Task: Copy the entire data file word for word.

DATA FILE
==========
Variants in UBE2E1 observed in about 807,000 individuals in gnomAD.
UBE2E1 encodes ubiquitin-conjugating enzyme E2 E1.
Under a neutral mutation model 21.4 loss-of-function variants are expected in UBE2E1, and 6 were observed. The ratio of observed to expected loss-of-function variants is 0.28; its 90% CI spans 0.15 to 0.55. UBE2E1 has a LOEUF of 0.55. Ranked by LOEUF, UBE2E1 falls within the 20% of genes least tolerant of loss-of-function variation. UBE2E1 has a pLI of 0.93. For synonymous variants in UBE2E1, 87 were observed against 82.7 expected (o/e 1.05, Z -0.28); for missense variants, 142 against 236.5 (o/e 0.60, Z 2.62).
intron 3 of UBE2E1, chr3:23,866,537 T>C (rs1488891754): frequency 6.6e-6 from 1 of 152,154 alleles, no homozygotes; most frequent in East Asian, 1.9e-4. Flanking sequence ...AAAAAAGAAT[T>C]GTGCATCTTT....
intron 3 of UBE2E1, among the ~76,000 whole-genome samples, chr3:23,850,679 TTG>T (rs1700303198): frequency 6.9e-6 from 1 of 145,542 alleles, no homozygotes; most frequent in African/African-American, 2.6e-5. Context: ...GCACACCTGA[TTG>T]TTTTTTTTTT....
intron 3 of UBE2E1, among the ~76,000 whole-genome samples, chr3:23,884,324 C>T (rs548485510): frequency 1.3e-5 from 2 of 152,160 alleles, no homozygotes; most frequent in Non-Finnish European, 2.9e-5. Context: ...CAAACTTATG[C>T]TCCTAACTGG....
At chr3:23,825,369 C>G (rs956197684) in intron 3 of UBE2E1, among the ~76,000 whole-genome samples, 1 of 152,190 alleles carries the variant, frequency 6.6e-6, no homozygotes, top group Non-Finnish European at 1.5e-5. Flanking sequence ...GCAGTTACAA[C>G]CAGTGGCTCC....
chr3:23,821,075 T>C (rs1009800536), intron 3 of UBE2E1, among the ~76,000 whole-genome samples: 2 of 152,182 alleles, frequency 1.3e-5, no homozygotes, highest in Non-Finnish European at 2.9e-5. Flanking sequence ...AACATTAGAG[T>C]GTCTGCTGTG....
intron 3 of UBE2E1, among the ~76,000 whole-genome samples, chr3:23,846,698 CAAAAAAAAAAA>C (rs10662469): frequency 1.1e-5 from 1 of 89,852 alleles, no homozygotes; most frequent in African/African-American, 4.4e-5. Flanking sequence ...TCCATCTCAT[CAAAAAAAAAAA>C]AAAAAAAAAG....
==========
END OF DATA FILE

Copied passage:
Variants in UBE2E1 observed in about 807,000 individuals in gnomAD.
UBE2E1 encodes ubiquitin-conjugating enzyme E2 E1.
Under a neutral mutation model 21.4 loss-of-function variants are expected in UBE2E1, and 6 were observed. The ratio of observed to expected loss-of-function variants is 0.28; its 90% CI spans 0.15 to 0.55. UBE2E1 has a LOEUF of 0.55. Ranked by LOEUF, UBE2E1 falls within the 20% of genes least tolerant of loss-of-function variation. UBE2E1 has a pLI of 0.93. For synonymous variants in UBE2E1, 87 were observed against 82.7 expected (o/e 1.05, Z -0.28); for missense variants, 142 against 236.5 (o/e 0.60, Z 2.62).
intron 3 of UBE2E1, chr3:23,866,537 T>C (rs1488891754): frequency 6.6e-6 from 1 of 152,154 alleles, no homozygotes; most frequent in East Asian, 1.9e-4. Flanking sequence ...AAAAAAGAAT[T>C]GTGCATCTTT....
intron 3 of UBE2E1, among the ~76,000 whole-genome samples, chr3:23,850,679 TTG>T (rs1700303198): frequency 6.9e-6 from 1 of 145,542 alleles, no homozygotes; most frequent in African/African-American, 2.6e-5. Context: ...GCACACCTGA[TTG>T]TTTTTTTTTT....
intron 3 of UBE2E1, among the ~76,000 whole-genome samples, chr3:23,884,324 C>T (rs548485510): frequency 1.3e-5 from 2 of 152,160 alleles, no homozygotes; most frequent in Non-Finnish European, 2.9e-5. Context: ...CAAACTTATG[C>T]TCCTAACTGG....
At chr3:23,825,369 C>G (rs956197684) in intron 3 of UBE2E1, among the ~76,000 whole-genome samples, 1 of 152,190 alleles carries the variant, frequency 6.6e-6, no homozygotes, top group Non-Finnish European at 1.5e-5. Flanking sequence ...GCAGTTACAA[C>G]CAGTGGCTCC....
chr3:23,821,075 T>C (rs1009800536), intron 3 of UBE2E1, among the ~76,000 whole-genome samples: 2 of 152,182 alleles, frequency 1.3e-5, no homozygotes, highest in Non-Finnish European at 2.9e-5. Flanking sequence ...AACATTAGAG[T>C]GTCTGCTGTG....
intron 3 of UBE2E1, among the ~76,000 whole-genome samples, chr3:23,846,698 CAAAAAAAAAAA>C (rs10662469): frequency 1.1e-5 from 1 of 89,852 alleles, no homozygotes; most frequent in African/African-American, 4.4e-5. Flanking sequence ...TCCATCTCAT[CAAAAAAAAAAA>C]AAAAAAAAAG....